- The Jews in Steyr. In: mkoe-steyr.net. Mauthausen Komitee Steyr, accessed on November 16, 2013.
- Jewish cemetery. In: mkoe-steyr.net. Mauthausen Komitee Steyr, accessed on November 16, 2013.
- Manfred Brandl: New history of Steyr. Ennsthaler, 1980, ISBN 3-85068-093-2 , p. 156 f.
- Klaus-Dieter Alicke: Steyr (Austria) From the history of the Jewish communities in the German-speaking area, accessed March 17, 2020.
- Heinrich Schön steyrerpioniere.wordpress.com, August 10, 2011, accessed March 17, 2020.
- Klaus-Dieter Alicke: Steyr (Austria) From the history of the Jewish communities in the German-speaking area, accessed March 17, 2020.
- Karl Ramsmaier: Jewish memorials in Steyr: Street naming after the last Steyr Jew Friedrich Uprimny mkoe-steyr.net, Mauthausen Komitee Steyr, July 2009, accessed March 17, 2020.
- Friedrich Uprimny steyrerpioniere.wordpress.com, January 10, 2012, accessed March 17, 2020.
- Friedrich Uprimny steyrerdenkmal.wordpress.com, September 26, 2013, accessed March 17, 2020. - Text of the stele on Friedrich-Uprimny-Stiege.
- Members of the parish council.
- Members of the city senate.
- Street names: F. In: steyr.at, accessed on July 29, 2012.
- Street names: M. In: steyr.at, accessed on July 29, 2012.
- Street names: P. In: steyr.at, accessed on July 29, 2012.
- Street names: Sch. (erroneously listed under Franz Schuhmeier-Strasse ). In: steyr.at, accessed on July 29, 2012.
- Street names: T. In: steyr.at, accessed on July 29, 2012.
- Stadtkult-Steyr: Tabor panorama lift open to visitors . Article from August 8, 2020, accessed on August 13, 2020
- Hannes Fehringer: Tabor no longer separates 241 steps from the town square , in: Oberösterreichische Nachrichten of August 10, 2020. p. 21 (regional section Steyrer Zeitung )
- Street names: U. In: steyr.at, accessed on July 29, 2012.
- Old Theater - History. In: steyr.at, accessed on March 9, 2011.
- City Theater (Volkskino). In: steyr.at, accessed on March 9, 2011.
- Association of Upper Austrian Museums: Steyrer Kripperl. In: ooemuseumsverbund.at, accessed on September 22, 2016.
- Beethoven Symphony Orchestra Vienna opened anniversary music festival ( Memento from May 17, 2014 in the Internet Archive ) OÖN article from July 24, 2009.
- Karin Schütze: Kissed awake by the muse ( Memento from May 17, 2014 in the Internet Archive ). OÖN article of July 23, 2010.
- Manfred Brandl: New history of Steyr. Pp. 48-55.
- Raimund Ločičnik: Steyr. The changing world of work. Sutton Verlag, Erfurt 2008, ISBN 978-3-86680-315-2 , p. 72.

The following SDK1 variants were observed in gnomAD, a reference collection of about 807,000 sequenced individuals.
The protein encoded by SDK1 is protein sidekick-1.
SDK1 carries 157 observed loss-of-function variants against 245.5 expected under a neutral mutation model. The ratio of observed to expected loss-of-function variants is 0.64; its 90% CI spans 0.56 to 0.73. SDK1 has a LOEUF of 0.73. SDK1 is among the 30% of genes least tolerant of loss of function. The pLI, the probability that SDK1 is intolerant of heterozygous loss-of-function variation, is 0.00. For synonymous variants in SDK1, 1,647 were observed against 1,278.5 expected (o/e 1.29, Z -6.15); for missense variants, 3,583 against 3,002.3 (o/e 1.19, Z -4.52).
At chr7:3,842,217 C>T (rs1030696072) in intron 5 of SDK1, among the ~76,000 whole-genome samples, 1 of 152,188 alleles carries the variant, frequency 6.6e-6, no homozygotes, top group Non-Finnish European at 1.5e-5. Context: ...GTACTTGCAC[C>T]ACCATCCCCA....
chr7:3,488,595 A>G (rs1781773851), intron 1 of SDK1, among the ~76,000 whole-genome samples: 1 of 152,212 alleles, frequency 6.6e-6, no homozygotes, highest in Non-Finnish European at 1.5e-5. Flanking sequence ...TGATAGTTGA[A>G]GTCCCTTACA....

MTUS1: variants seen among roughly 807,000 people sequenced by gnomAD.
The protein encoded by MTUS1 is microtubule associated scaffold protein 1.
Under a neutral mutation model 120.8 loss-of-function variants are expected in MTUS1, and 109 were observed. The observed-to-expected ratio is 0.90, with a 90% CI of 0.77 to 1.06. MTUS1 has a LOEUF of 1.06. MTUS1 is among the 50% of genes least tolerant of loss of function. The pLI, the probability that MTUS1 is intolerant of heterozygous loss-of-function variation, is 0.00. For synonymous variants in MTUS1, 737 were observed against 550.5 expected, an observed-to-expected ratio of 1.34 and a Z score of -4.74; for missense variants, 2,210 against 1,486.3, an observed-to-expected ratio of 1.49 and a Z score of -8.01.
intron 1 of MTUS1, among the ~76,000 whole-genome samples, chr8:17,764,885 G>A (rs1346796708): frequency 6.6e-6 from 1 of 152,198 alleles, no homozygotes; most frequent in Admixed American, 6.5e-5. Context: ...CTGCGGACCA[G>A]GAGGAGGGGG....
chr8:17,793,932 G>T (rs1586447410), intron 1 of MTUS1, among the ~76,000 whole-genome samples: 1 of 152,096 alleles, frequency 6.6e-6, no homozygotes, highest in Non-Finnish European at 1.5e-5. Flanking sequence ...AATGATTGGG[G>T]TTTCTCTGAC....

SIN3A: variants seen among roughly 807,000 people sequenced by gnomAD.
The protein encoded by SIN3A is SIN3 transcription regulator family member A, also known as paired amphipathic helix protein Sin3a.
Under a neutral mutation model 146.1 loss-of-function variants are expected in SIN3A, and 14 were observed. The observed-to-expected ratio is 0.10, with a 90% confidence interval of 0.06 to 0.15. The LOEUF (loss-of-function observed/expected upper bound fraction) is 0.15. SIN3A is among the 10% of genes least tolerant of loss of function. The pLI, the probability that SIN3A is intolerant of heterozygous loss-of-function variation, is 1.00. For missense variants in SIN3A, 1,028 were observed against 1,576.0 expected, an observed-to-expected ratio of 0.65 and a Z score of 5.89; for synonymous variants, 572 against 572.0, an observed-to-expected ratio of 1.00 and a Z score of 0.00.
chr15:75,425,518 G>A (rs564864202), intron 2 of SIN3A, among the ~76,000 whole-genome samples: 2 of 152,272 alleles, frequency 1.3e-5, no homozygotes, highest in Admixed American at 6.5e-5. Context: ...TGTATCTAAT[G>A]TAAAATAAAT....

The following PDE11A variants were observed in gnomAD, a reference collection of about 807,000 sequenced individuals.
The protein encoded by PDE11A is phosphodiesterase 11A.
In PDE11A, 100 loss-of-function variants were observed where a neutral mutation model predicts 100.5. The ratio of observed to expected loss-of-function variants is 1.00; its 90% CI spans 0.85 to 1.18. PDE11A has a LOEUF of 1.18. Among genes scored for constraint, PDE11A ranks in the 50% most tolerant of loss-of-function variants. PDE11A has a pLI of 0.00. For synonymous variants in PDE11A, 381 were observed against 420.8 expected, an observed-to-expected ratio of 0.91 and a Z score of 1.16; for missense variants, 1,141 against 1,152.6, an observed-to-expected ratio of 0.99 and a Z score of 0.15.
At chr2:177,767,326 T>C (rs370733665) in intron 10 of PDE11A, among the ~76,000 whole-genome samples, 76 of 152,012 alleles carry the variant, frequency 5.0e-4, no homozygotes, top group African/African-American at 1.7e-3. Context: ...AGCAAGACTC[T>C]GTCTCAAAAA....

- See also The central cinema on Färbergasse has been closed for two months. (No longer available online.) In: OÖN . September 4, 2003, formerly in the original ; accessed on July 2, 2018 (no mementos). ( Page no longer available , search in web archives )
- City Kino website , accessed March 30, 2012.
- City Kino opened. In: OÖN of April 14, 2011, p. 39, Land & People, Steyr editorial staff.
- Too high debts, no buyer: The Cityplexxx has locked. In: OÖN . January 27, 2011, Land & People (Steyr editorial staff), p. 39.
- School for Health and Nursing in Steyr. In: ooeg.at. Retrieved October 7, 2019 .
- LKH-Steyr. Glimpses of history / structural measures in recent years. In: lkh-steyr.at. Archived from the original on August 22, 2011 ; accessed on July 2, 2018 .
- Steyr 2014–150 years of the Steyr volunteer fire brigade (film).
- OÖLFV - Structure - Steyr City. In: ooelfv.at. Retrieved November 25, 2016 .
- Hans Stögmüller: Josef Werndl and the weapons factory in Steyr. Ennsthaler, Steyr 2010, ISBN 978-3-85068-860-4 , p. 79.
- deck is a key project in traffic management. (No longer available online.) In: OÖN . November 23, 1998, p. 18 , formerly in the original ; accessed on July 2, 2018 (no mementos). ( Page no longer available , search in web archives )
- B309 junction Enns-West opened. In: OÖN. October 24, 2010, accessed December 25, 2010.
- Bernd Kreuzer: The country needs fast roads. Planning and implementation of the motorways in Austria since the twenties, shown using the example of Upper Austria. Dissertation, University of Vienna 2007, urn : nbn: at: at-ubw: 1-30196.88041.887959-5 .
- Stadtbetriebe Steyr - Verkehr - Steyrer Linien. In: stadtbetriebe.at. Retrieved November 25, 2016 .
- Vintage Postbus. In: Steyr.info. Steyr Tourist Office and the National Park Region, 2016, accessed on November 25, 2016 .
- Ernst Neweklowsky: Download Karl and Schiftfuhren. In: Upper Austrian homeland sheets. April – June 1957 (shop carts). online (PDF; 691 kB) in the forum OoeGeschichte.at.
- Silvanum Forest Museum in Großreifling: Bringing water ( Memento from August 28, 2013 in the Internet Archive ). In: forstmuseum.at, accessed on November 14, 2017.
- Dating from the dedication plaque on the base.
- Herbert Rittlinger: Paradise soon to be lost. 8., revised. Edition. Pollner Verlag, Munich 1993, ISBN 3-925660-20-8 .
- Folder Lamberg. In: bundesforste.at, accessed on February 6, 2015 (PDF; 2.5 MB).
- Meissl Architects - Lambergs. (No longer available online.) Archived from the original on February 13, 2015 ; accessed on December 24, 2015 .
- Manfred Brandl: New history of Steyr. From Biedermeier to today. Ennsthaler, Steyr 1980, p. 72.
- Stadtbad Steyr ( Memento from July 19, 2012 in the web archive archive.today ). In: ses.at. Stadler Energie Systeme, accessed on November 14, 2017.
- fernstudien.at, accessed on March 3, 2015.
- BMW Group Annual Report 2013. Ed. Bayerische Motoren Werke AG. Munich March 17, 2014, p. 34 ( bmwgroup.com [PDF; 2.75 MB]).
- Bioenergy Steyr.
- Upper Austria industrial map. In: industrielandkarte.at. Federation of Austrian Industries, accessed on October 7, 2019 .
- WKO.at , entry in the company A-Z, accessed on August 29 of 2010.
- Robert Wandl. In: website of Regiowiki.at
- Bethlehem Twinning Cities (English).